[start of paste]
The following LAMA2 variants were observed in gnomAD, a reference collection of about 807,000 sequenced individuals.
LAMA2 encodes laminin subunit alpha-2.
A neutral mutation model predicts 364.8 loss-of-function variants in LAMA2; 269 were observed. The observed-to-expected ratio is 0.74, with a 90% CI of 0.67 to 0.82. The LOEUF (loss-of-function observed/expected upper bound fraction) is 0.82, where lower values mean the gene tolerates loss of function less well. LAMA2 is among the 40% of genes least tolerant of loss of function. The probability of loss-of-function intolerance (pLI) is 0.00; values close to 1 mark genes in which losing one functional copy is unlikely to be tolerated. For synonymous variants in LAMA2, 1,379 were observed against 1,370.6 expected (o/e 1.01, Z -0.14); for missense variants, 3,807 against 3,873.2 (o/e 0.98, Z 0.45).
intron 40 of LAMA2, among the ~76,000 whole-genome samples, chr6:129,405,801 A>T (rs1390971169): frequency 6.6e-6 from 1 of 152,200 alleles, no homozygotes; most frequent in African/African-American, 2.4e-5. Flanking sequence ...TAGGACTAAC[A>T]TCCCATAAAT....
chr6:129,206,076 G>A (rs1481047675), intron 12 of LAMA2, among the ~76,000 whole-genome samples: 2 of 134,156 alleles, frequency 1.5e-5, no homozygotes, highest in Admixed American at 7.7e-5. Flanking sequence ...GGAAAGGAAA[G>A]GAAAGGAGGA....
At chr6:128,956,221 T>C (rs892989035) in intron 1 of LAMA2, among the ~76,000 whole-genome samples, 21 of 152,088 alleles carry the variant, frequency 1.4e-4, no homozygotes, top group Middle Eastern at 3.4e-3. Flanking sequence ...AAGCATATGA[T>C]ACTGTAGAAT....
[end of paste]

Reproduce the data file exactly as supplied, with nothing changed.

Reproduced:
The following LAMA2 variants were observed in gnomAD, a reference collection of about 807,000 sequenced individuals.
LAMA2 encodes laminin subunit alpha-2.
A neutral mutation model predicts 364.8 loss-of-function variants in LAMA2; 269 were observed. The observed-to-expected ratio is 0.74, with a 90% CI of 0.67 to 0.82. The LOEUF (loss-of-function observed/expected upper bound fraction) is 0.82, where lower values mean the gene tolerates loss of function less well. LAMA2 is among the 40% of genes least tolerant of loss of function. The probability of loss-of-function intolerance (pLI) is 0.00; values close to 1 mark genes in which losing one functional copy is unlikely to be tolerated. For synonymous variants in LAMA2, 1,379 were observed against 1,370.6 expected (o/e 1.01, Z -0.14); for missense variants, 3,807 against 3,873.2 (o/e 0.98, Z 0.45).
intron 40 of LAMA2, among the ~76,000 whole-genome samples, chr6:129,405,801 A>T (rs1390971169): frequency 6.6e-6 from 1 of 152,200 alleles, no homozygotes; most frequent in African/African-American, 2.4e-5. Flanking sequence ...TAGGACTAAC[A>T]TCCCATAAAT....
chr6:129,206,076 G>A (rs1481047675), intron 12 of LAMA2, among the ~76,000 whole-genome samples: 2 of 134,156 alleles, frequency 1.5e-5, no homozygotes, highest in Admixed American at 7.7e-5. Flanking sequence ...GGAAAGGAAA[G>A]GAAAGGAGGA....
At chr6:128,956,221 T>C (rs892989035) in intron 1 of LAMA2, among the ~76,000 whole-genome samples, 21 of 152,088 alleles carry the variant, frequency 1.4e-4, no homozygotes, top group Middle Eastern at 3.4e-3. Flanking sequence ...AAGCATATGA[T>C]ACTGTAGAAT....